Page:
All aboard the Wayback Machine!
The year is 1993. The state of Arizona has become a pariah in the business world as well as a national embarrassment due largely to its bigoted governor: Evan Mecham.
Why? Because just years prior, Mecham rescinded Arizona’s paid holiday for Martin Luther King Jr. Day. And a referendum put to voters failed to authorize the holiday, too. Ultimately, the NFL’s Super Bowl, set to take place in Arizona in 1993, was yanked from the state, along with the hundreds of millions of dollars in business that was going to come with it.
Kari Lake, the GOP candidate for Arizona governor in this year’s midterms, is tempting a similar fate. Lake, the right-wing conspiracy theorist doing her best Donald Trump impression, is vying to become governor using lies and fearmongering.
During an interview Sunday, she invited a potential boycott from the NFL or other businesses over her bigoted stance toward migrants approaching the U.S.-Mexico border. Lake has parroted calls from fellow conservatives who want the U.S. to take a warlike, more violent, stance toward migration by declaring migrants approaching the U.S.-Mexico border as an “invasion.”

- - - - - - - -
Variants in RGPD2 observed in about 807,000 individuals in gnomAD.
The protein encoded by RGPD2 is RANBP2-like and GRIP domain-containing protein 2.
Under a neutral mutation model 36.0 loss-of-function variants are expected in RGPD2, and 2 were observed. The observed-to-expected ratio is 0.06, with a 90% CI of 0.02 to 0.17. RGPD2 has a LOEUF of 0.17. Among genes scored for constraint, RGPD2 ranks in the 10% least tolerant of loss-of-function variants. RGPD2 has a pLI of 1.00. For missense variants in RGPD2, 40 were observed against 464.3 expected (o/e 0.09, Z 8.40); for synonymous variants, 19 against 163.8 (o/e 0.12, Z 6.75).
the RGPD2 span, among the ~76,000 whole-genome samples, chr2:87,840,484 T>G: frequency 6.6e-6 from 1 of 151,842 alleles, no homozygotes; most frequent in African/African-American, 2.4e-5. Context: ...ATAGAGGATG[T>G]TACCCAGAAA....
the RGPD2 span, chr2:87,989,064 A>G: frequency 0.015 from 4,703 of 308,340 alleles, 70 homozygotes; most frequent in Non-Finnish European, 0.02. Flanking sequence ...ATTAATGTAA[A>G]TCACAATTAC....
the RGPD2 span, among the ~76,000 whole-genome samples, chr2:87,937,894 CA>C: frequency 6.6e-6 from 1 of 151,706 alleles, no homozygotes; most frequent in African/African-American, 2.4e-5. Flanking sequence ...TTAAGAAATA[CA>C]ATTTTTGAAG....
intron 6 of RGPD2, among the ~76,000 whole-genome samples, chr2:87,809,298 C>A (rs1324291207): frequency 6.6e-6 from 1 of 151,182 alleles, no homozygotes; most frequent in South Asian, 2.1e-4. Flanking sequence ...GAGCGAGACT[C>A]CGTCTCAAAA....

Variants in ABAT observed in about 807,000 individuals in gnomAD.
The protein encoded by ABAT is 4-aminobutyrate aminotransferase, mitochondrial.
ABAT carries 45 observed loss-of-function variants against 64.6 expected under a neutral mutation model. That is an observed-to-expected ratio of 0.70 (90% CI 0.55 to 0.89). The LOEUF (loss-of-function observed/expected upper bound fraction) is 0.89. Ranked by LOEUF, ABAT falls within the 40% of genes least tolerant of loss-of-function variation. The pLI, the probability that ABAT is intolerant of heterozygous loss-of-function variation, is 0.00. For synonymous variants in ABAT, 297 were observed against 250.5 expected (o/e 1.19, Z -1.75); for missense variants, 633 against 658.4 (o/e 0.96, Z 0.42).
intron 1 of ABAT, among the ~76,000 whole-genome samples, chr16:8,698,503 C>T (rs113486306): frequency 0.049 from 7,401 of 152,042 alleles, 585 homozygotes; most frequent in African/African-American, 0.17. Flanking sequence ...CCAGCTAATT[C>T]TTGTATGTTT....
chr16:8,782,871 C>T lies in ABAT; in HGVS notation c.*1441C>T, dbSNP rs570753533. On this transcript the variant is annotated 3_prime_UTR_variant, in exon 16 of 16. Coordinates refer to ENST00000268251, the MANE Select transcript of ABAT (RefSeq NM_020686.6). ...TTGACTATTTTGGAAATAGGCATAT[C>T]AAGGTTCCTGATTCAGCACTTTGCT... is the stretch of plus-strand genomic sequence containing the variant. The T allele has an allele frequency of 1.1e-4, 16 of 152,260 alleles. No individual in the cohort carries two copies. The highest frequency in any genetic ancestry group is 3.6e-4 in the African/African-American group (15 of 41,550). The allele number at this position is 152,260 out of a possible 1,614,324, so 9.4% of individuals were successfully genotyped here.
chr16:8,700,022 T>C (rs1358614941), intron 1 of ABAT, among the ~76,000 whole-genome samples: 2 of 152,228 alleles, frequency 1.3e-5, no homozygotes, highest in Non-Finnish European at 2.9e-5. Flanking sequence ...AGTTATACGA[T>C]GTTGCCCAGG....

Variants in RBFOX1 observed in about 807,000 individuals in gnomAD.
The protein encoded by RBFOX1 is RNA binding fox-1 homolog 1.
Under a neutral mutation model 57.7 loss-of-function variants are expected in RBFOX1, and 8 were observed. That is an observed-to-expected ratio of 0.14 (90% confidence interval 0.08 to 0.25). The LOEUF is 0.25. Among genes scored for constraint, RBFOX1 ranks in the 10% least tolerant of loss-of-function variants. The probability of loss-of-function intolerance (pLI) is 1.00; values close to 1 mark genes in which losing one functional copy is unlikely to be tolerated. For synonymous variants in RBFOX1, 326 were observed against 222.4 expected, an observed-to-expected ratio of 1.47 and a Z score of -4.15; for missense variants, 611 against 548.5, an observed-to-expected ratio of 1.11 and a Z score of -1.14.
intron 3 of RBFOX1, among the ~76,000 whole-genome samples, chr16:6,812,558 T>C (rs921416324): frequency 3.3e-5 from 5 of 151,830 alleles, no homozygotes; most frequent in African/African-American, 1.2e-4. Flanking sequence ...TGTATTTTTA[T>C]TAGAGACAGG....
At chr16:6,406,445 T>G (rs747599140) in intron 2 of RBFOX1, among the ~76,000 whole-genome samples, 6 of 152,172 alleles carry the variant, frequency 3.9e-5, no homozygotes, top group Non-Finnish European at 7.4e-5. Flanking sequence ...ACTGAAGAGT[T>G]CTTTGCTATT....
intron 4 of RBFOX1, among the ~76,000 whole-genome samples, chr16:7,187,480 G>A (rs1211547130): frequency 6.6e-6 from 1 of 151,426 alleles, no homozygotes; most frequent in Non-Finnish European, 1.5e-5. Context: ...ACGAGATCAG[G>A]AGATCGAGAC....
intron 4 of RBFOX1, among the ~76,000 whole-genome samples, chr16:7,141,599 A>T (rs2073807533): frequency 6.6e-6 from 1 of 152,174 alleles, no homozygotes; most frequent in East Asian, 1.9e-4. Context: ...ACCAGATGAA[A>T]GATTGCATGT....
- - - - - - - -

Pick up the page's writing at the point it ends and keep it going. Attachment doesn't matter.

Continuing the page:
With fentanyl, “we’re being poisoned by the cartels and the CCP. The communist regime out of China is behind this,” said Lake, using shorthand for the Chinese Communist Party.
Wrong. Even the right-leaning CATO Institute has come to acknowledge the facts: Most fentanyl is brought to the U.S. by Americans through legal ports of entry.
So … another way to put Lake’s claim: Americans are poisoning Americans.
Nonetheless, Lake’s antagonism should inspire nightmares among Arizonans. She’s not even governor — and may never be. Nonetheless, she’s admitting a willingness to flirt with financial banishment and the fallout that could arise from it.
People who remember the earlier Super Bowl debacle know it cost the state dearly.
And don’t be fooled by Lake — or any Arizona Republican, for that matter — putting on this self-portrayal as a rugged individualist. Arizona has a largely dependent (and fragile) economy that often requires statewide politicians to play nice with others in private even if they do put up a front as going it alone.
Tourism — that is, people consciously choosing to visit Arizona — is a main driver of the economy.
A doctor shortage has left Arizona seeking doctors from other states and even other countries.
A police shortage has Arizona seeking officer transfers from out of state.
It’s far easier to campaign than to govern. That’s why Kari Lake can walk around making proclamations and promises detached from reality, as she did in the interview Sunday. But claim as she may: Her disdain for many of her fellow Americans (and prospective Americans) isn’t merely a threat to democracy, it’s a threat to Arizona’s bottom line, too.